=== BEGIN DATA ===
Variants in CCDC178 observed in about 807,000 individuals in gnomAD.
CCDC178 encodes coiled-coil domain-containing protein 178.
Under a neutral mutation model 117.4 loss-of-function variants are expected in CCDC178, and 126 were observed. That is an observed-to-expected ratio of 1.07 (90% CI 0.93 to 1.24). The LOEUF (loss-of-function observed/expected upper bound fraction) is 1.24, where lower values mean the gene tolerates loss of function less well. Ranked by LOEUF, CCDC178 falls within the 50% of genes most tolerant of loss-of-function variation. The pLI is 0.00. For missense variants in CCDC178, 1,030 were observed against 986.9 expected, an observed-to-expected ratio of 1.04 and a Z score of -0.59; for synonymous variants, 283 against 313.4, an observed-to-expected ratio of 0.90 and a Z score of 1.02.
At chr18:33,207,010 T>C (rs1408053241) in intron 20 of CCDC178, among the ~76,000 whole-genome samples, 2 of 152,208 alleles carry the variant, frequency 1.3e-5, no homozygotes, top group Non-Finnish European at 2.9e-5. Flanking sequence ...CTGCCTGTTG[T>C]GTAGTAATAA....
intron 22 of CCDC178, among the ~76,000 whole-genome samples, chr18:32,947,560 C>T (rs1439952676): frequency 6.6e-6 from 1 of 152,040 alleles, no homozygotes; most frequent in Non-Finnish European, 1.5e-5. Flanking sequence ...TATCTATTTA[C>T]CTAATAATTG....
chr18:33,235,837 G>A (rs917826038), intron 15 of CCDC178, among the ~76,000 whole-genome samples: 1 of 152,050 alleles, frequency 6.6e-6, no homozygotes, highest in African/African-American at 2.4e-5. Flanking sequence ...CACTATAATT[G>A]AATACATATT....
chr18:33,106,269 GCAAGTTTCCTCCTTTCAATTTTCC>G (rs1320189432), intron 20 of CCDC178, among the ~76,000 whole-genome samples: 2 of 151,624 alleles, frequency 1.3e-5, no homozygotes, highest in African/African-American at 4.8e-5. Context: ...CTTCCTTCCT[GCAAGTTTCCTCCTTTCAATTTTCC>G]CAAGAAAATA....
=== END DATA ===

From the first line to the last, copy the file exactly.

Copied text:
Variants in CCDC178 observed in about 807,000 individuals in gnomAD.
CCDC178 encodes coiled-coil domain-containing protein 178.
Under a neutral mutation model 117.4 loss-of-function variants are expected in CCDC178, and 126 were observed. That is an observed-to-expected ratio of 1.07 (90% CI 0.93 to 1.24). The LOEUF (loss-of-function observed/expected upper bound fraction) is 1.24, where lower values mean the gene tolerates loss of function less well. Ranked by LOEUF, CCDC178 falls within the 50% of genes most tolerant of loss-of-function variation. The pLI is 0.00. For missense variants in CCDC178, 1,030 were observed against 986.9 expected, an observed-to-expected ratio of 1.04 and a Z score of -0.59; for synonymous variants, 283 against 313.4, an observed-to-expected ratio of 0.90 and a Z score of 1.02.
At chr18:33,207,010 T>C (rs1408053241) in intron 20 of CCDC178, among the ~76,000 whole-genome samples, 2 of 152,208 alleles carry the variant, frequency 1.3e-5, no homozygotes, top group Non-Finnish European at 2.9e-5. Flanking sequence ...CTGCCTGTTG[T>C]GTAGTAATAA....
intron 22 of CCDC178, among the ~76,000 whole-genome samples, chr18:32,947,560 C>T (rs1439952676): frequency 6.6e-6 from 1 of 152,040 alleles, no homozygotes; most frequent in Non-Finnish European, 1.5e-5. Flanking sequence ...TATCTATTTA[C>T]CTAATAATTG....
chr18:33,235,837 G>A (rs917826038), intron 15 of CCDC178, among the ~76,000 whole-genome samples: 1 of 152,050 alleles, frequency 6.6e-6, no homozygotes, highest in African/African-American at 2.4e-5. Flanking sequence ...CACTATAATT[G>A]AATACATATT....
chr18:33,106,269 GCAAGTTTCCTCCTTTCAATTTTCC>G (rs1320189432), intron 20 of CCDC178, among the ~76,000 whole-genome samples: 2 of 151,624 alleles, frequency 1.3e-5, no homozygotes, highest in African/African-American at 4.8e-5. Context: ...CTTCCTTCCT[GCAAGTTTCCTCCTTTCAATTTTCC>G]CAAGAAAATA....